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Opening Arguments

Humdinger of a mayor

When those three auto executives flew in their private jets to Washington to beg for a handout, it immediately became a symbol -- of arrogance to some, of being out of touch with ordinary life to others. Now we have our own symbol in Indiana:

The chairman of a state panel considering whether Gary's city government should receive an exemption from new property tax caps is questioning how financially distressed the city is if it can afford to buy the mayor a 2009 Hummer H3 for $29,970.

Ryan Kitchell, chairman of the state's Distressed Unit Appeals Board, said Tuesday he was disappointed to learn about the purchase a day after city officials sought a waiver from the caps imposed by the General Assembly last year, saying it could cost the city $30 million and lead to hundreds of layoffs.

The board would consider giving the city an exemption only after it has shown it has cut all it can from its budget, Kitchell said.

"The new Hummer and testimony presented yesterday clearly show that much more spending can be cut," he said.

I don't know how politically savvy Gary Mayor Rudy Clay is, but he can't have gotten elected because he'd learned when to argue and when to just shut up and take it. He defended purchase of the Hummer by saying, "What do you want me to do, walk around here? I've got to have a car." He later added, believe it or not: "We're saving taxpayers money by riding in a Hummer. I could've bought a $50,000 Expedition." What a guy! Gary taxpayers are lucky to have a mind like that always thinking and looking our for them.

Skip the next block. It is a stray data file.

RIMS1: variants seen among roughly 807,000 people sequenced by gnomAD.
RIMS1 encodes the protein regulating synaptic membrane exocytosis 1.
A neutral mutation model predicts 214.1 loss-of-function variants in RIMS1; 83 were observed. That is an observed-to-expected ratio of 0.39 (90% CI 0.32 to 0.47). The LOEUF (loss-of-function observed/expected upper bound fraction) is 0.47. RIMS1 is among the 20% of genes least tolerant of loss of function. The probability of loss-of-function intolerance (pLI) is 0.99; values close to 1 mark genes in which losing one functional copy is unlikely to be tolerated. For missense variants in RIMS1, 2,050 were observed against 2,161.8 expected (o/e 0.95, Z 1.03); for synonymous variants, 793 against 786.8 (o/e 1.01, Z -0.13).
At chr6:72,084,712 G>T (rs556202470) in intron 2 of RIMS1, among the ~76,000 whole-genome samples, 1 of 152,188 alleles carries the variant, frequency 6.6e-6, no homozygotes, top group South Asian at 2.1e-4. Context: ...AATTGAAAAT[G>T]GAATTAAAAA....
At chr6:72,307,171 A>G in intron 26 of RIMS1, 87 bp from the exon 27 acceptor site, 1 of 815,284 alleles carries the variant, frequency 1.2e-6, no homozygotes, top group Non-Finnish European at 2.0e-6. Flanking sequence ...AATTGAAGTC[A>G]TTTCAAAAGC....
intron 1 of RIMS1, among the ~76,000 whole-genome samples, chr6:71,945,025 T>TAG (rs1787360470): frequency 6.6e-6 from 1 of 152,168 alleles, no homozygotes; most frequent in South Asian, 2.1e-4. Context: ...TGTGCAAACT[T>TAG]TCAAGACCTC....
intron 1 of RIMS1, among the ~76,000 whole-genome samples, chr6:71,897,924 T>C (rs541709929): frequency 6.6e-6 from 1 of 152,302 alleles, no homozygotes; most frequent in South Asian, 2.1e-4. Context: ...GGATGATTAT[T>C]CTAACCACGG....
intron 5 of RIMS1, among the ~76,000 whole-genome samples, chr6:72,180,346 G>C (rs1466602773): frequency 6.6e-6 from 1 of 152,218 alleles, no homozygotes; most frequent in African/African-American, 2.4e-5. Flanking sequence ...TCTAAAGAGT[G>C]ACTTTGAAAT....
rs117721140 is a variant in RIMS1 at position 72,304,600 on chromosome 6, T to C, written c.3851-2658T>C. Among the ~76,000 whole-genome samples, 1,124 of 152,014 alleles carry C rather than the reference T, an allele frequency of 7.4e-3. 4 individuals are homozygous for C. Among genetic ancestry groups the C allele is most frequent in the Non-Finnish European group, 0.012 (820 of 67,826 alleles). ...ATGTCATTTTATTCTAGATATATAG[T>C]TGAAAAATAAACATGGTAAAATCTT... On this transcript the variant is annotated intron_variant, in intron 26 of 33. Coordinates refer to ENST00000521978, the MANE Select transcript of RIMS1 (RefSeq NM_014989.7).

Local attorney and former Fort Wayne City Councilman Mark GiaQuinta is a member of the appeals board, by the wayand he was quoted as saying he had read all he wanted to read about a Hummer. "But I do think, to some degree, symbolism plays a role here." No kidding.